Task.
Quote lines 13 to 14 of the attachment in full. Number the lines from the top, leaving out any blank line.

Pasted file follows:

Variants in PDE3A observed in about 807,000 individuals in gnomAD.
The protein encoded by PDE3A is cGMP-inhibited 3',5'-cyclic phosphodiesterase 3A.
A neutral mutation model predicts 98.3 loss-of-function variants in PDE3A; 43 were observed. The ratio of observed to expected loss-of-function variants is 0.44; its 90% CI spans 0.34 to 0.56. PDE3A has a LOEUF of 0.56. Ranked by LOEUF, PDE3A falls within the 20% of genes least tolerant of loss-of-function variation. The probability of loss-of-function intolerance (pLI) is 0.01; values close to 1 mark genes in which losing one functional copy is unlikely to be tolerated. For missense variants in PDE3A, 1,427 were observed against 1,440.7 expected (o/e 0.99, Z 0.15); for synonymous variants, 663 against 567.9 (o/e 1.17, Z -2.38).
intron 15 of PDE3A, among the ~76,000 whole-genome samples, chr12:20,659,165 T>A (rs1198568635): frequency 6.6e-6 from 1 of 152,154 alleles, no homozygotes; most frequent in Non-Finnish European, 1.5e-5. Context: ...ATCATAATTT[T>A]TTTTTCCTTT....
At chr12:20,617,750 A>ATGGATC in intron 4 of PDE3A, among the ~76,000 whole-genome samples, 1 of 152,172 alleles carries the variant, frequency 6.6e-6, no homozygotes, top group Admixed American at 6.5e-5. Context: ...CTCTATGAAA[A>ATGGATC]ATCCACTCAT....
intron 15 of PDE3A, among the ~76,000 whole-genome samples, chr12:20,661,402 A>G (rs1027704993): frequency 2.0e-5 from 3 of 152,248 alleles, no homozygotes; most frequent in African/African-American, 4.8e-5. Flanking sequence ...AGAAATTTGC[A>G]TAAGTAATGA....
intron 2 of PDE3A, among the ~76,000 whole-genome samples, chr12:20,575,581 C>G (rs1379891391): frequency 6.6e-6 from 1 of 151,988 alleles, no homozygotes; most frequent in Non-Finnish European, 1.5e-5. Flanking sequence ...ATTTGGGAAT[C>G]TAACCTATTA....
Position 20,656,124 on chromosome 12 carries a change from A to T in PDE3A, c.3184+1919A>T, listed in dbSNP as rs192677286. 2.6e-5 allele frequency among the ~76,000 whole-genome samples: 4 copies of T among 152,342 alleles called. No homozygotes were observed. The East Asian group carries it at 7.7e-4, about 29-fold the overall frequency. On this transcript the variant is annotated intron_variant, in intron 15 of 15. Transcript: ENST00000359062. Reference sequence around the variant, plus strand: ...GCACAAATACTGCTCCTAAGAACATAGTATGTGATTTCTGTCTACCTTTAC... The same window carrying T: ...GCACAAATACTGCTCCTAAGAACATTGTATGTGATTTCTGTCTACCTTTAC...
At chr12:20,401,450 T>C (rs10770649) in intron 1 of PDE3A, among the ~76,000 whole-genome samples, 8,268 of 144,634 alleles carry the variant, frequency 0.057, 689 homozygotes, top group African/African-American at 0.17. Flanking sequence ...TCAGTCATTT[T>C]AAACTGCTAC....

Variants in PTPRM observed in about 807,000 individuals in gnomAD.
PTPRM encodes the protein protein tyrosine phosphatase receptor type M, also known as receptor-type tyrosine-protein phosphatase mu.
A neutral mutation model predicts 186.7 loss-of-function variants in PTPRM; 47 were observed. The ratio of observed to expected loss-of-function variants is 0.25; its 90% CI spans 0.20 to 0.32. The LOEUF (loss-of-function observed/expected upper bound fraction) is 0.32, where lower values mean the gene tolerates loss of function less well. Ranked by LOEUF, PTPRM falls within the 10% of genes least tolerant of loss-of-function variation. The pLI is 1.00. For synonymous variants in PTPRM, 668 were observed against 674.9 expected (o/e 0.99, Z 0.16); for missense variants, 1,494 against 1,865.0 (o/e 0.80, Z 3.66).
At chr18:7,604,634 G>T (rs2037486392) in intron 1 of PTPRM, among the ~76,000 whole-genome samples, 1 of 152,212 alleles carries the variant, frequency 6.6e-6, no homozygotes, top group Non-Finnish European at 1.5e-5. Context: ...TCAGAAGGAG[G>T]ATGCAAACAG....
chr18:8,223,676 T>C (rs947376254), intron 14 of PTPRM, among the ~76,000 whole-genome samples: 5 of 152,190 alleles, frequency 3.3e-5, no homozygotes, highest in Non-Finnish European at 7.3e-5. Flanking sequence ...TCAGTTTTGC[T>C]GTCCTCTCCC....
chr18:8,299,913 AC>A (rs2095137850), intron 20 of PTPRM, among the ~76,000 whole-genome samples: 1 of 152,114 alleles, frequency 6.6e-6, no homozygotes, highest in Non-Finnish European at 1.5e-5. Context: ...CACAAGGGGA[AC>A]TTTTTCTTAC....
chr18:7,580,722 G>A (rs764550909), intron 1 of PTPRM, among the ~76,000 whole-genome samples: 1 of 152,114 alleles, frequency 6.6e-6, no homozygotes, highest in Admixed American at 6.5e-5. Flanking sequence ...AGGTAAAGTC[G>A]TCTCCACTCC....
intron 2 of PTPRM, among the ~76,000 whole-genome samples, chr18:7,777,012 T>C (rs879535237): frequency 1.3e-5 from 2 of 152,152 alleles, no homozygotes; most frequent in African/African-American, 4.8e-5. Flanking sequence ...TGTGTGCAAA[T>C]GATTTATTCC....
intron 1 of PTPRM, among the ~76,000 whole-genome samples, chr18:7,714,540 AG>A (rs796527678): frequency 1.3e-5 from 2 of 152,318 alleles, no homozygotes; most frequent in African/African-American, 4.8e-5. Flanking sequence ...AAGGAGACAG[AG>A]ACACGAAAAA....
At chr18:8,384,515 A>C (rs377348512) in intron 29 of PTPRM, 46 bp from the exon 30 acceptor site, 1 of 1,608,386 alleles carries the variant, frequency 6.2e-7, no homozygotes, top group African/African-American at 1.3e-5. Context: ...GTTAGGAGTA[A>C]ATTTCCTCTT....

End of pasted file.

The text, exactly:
At chr18:7,604,634 G>T (rs2037486392) in intron 1 of PTPRM, among the ~76,000 whole-genome samples, 1 of 152,212 alleles carries the variant, frequency 6.6e-6, no homozygotes, top group Non-Finnish European at 1.5e-5. Context: ...TCAGAAGGAG[G>T]ATGCAAACAG....
chr18:8,223,676 T>C (rs947376254), intron 14 of PTPRM, among the ~76,000 whole-genome samples: 5 of 152,190 alleles, frequency 3.3e-5, no homozygotes, highest in Non-Finnish European at 7.3e-5. Flanking sequence ...TCAGTTTTGC[T>C]GTCCTCTCCC....